Sunday, October 28, 2007

Leave it to the Beav

Faith in the Public Square
Lompoc Record
October 28, 2007


Theodore Cleaver, better known to the world as “The Beaver,” turns 50 this fall. Although I was too young to watch it when it came out - I was born during the first season of the series - I've been watching reruns since I can remember.

For some reason I've always liked this show, especially when the Beaver was younger. There were so many great characters - Wally, Lumpy, Eddie Haskell, Gilbert, Whitey, Larry Mondello, and the rest of the gang. Beaver could get into mischief, but nothing too devious or destructive. By the time the episode ended everything had worked out, often because Ward, the Beaver's Dad, resolved the problems.

Ah, those were “the good old days,” back when “things were simple.” Dad worked and Mom stayed home. While Ward would come home and change from his suit coat into his sweater, June always wore a dress - even when she was gardening. Yes, those were the days!
Of course that was a mythical world - a world dominated by middle-class WASPish values. As you think back to the show, remember how white and middle class it was. In this portrayal, life was simple and the streets were safe. Watching the reruns on TV Land, we're tempted to think how nice it would be to return to the “Good Old Days.” Back to the 1950s, back when Ike was president.

But is this picture an authentic one, or is the camera aimed too narrowly?
Living as we do in troubled times, it's not surprising that many want to take refuge in such a mythical golden age. It offers an escape from the realities of daily life and offers a retreat into a state of innocence. As attractive as this picture might be, there's a reason why the 1960s happened.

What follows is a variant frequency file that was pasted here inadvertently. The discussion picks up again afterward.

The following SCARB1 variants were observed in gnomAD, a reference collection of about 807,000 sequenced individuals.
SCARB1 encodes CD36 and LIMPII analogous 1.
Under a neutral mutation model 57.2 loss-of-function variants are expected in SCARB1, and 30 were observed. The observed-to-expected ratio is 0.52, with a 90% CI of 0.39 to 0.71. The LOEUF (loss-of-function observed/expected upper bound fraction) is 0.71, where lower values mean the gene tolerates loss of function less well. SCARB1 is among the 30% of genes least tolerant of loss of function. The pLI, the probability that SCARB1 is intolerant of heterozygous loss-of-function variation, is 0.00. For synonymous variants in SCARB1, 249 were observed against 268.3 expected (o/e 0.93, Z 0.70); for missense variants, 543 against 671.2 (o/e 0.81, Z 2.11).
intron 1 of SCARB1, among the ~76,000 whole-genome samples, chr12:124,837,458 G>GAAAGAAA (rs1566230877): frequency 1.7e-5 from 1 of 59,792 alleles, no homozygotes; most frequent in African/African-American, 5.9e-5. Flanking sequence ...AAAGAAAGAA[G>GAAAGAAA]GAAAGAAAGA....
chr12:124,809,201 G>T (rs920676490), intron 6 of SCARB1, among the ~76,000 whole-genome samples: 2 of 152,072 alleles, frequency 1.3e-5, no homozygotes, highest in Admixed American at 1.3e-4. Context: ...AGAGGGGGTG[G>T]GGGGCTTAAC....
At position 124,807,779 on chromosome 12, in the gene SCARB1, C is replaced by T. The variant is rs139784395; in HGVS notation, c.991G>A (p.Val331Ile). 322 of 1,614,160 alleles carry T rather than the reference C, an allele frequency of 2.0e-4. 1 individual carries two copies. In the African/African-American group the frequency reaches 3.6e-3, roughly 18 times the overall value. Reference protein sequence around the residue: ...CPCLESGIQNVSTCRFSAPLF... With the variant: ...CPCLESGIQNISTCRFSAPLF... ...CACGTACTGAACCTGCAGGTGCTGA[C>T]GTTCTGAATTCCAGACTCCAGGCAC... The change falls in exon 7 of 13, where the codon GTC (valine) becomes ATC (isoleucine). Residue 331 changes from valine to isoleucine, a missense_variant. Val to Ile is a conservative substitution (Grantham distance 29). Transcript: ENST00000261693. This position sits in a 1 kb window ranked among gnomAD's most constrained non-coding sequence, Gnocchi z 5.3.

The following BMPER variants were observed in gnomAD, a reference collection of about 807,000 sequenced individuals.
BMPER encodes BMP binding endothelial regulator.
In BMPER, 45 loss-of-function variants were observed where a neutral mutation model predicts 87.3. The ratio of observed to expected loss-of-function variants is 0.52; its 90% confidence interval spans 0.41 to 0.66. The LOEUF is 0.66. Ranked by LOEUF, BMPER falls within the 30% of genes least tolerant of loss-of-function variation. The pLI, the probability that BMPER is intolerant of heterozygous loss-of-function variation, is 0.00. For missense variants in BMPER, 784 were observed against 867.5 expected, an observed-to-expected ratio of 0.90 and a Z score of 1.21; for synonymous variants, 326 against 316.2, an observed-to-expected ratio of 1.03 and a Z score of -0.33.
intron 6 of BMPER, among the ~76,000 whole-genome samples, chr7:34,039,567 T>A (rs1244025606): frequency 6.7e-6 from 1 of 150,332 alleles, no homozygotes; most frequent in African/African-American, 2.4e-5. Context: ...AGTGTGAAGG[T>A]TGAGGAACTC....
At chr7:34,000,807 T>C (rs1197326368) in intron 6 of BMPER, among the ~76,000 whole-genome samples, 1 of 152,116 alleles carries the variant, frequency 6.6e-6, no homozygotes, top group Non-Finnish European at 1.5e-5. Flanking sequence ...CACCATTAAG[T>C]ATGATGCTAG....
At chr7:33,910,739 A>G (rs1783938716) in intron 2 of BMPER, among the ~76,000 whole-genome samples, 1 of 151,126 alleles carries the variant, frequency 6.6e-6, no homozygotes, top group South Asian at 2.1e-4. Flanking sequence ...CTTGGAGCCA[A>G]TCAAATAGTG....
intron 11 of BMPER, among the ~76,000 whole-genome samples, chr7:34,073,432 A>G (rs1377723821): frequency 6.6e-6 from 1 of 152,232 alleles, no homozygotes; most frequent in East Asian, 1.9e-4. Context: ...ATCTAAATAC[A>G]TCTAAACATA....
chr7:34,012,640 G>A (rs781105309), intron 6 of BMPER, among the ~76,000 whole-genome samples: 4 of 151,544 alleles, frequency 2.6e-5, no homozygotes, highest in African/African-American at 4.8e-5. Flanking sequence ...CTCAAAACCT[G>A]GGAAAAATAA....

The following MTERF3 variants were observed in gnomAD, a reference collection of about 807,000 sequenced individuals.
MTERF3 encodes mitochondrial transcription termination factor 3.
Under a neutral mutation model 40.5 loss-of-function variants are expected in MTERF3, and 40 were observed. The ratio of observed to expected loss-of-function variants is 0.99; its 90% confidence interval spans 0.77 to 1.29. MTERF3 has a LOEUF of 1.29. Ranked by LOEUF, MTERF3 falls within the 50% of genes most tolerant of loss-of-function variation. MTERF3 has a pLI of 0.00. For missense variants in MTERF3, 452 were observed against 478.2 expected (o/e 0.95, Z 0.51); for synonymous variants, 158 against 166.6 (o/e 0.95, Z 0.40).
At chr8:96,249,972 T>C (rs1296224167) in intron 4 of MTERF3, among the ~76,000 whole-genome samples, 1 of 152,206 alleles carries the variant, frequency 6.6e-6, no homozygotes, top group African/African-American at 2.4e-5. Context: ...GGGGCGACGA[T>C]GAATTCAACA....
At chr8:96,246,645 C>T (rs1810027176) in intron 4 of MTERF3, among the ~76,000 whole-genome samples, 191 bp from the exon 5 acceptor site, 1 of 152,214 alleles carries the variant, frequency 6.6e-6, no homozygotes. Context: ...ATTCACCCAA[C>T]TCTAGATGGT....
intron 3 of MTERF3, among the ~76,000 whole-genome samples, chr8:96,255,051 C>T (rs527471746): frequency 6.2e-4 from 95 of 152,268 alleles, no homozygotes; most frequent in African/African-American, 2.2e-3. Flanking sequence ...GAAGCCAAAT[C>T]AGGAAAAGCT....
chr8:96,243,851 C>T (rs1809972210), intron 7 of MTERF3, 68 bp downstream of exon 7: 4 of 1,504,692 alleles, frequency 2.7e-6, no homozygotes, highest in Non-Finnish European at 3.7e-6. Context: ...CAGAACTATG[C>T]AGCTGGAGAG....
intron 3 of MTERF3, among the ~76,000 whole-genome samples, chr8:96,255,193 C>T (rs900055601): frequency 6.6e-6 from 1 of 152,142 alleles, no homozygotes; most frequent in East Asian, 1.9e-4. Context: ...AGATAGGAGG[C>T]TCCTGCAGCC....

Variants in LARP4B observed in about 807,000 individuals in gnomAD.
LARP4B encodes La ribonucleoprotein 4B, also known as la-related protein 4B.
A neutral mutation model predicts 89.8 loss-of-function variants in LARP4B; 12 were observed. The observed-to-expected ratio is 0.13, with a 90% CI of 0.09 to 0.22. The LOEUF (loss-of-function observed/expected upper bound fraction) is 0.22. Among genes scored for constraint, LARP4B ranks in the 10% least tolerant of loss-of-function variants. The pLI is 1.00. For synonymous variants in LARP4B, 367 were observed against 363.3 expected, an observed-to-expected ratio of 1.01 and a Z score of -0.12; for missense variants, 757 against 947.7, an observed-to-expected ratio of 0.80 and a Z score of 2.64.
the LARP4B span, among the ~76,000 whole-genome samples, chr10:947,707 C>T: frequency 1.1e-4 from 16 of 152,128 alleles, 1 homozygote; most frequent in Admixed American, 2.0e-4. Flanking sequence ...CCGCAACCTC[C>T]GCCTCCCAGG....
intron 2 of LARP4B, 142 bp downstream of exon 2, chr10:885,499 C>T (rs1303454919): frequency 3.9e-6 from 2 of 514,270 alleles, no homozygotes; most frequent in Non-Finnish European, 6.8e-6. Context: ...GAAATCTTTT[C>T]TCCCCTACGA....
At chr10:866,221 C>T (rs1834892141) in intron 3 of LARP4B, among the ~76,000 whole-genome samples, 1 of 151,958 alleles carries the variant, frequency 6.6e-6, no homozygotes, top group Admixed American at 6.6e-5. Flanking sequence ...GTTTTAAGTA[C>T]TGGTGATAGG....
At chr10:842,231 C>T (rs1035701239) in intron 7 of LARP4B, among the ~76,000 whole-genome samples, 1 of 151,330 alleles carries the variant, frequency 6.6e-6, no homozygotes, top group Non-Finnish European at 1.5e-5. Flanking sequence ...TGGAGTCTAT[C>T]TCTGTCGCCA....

Without a doubt, the 1960s was a time of change. During this tumultuous decade, the stifling rules of American life were questioned and in many cases thrown out. This was especially true in regard to issues such as gender roles (June would be freed from her dress), race (a more colorful world emerged from the shadows), and war (it became OK to question). Myths of a national consensus were revealed to be just that - myths.

I thought about these myths as I recently watched the wonderful movie musical “Hairspray.” This movie, which features wonderful performances by John Travolta as Edna Turnblad and Nikki Blonsky as her daughter Tracy, uses humor, song, and dance to remind us that the good old days might have been “peaceful,” but they weren't necessarily just. The walls that divided remained in place and could prove difficult to scale.

A theme runs through the movie: that it's good to question conventional wisdom. It's appropriate to protest and remove the walls that divide us. Stereotypes need to be challenged, and roles assigned by society that are unjust should be overturned. The 1960s might have been an age of chaos and rebellion, but do we really want to go back to the time before this transitional era to a time when everyone had their place and knew it? Do we really want to go back to a time when we trusted our leaders to such an extent that we allowed them to lead us blindly into places we'd be better off not going? As I reflect on that last question, I wonder how far we've come in that regard!

The present has its issues, and the future is full of uncertainty. It's easy to take refuge in the past. But it's the future that stands before us. It's the future that will ultimately mold us. As a parent of a young man who is soon to graduate from high school and take his place in the world, I'm just a bit anxious about his future - that's normal parental concern - but my hope is that the world he will enter is a better place than the one I was born into 50 years ago!
To dwell in the past is to live in fear of the present or the future, but to live in hope is to put away fear and embrace the life of faith. As a person of faith in the God revealed in Jesus, I choose to live with my eyes and my heart pointed forward into the future, for that is where God is truly present.
Dr. Bob Cornwall is Pastor of First Christian Church (Disciples of Christ) of Lompoc (www.lompocdisciples.org). He blogs at http://pastorbobcornwall.blogspot.com and may be contacted at lompocdisciples@impulse.net or c/o First Christian Church, P.O. Box 1056, Lompoc, CA 93438.
October 28, 2007

1 comment:

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